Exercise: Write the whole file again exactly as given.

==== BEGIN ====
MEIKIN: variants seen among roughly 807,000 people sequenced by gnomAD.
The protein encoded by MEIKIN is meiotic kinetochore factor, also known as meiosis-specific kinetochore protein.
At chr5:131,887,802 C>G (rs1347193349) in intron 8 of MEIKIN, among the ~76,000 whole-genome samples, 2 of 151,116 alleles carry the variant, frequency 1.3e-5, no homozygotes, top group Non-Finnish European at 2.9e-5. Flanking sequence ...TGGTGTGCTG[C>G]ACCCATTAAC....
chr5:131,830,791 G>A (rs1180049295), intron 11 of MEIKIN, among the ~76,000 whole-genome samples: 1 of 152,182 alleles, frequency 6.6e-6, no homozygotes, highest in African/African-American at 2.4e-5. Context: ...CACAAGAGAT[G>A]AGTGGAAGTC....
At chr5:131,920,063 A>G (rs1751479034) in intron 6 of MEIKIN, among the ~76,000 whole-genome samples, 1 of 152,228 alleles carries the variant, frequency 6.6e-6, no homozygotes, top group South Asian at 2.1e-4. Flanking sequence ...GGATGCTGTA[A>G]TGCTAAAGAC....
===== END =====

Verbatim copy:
MEIKIN: variants seen among roughly 807,000 people sequenced by gnomAD.
The protein encoded by MEIKIN is meiotic kinetochore factor, also known as meiosis-specific kinetochore protein.
At chr5:131,887,802 C>G (rs1347193349) in intron 8 of MEIKIN, among the ~76,000 whole-genome samples, 2 of 151,116 alleles carry the variant, frequency 1.3e-5, no homozygotes, top group Non-Finnish European at 2.9e-5. Flanking sequence ...TGGTGTGCTG[C>G]ACCCATTAAC....
chr5:131,830,791 G>A (rs1180049295), intron 11 of MEIKIN, among the ~76,000 whole-genome samples: 1 of 152,182 alleles, frequency 6.6e-6, no homozygotes, highest in African/African-American at 2.4e-5. Context: ...CACAAGAGAT[G>A]AGTGGAAGTC....
At chr5:131,920,063 A>G (rs1751479034) in intron 6 of MEIKIN, among the ~76,000 whole-genome samples, 1 of 152,228 alleles carries the variant, frequency 6.6e-6, no homozygotes, top group South Asian at 2.1e-4. Flanking sequence ...GGATGCTGTA[A>G]TGCTAAAGAC....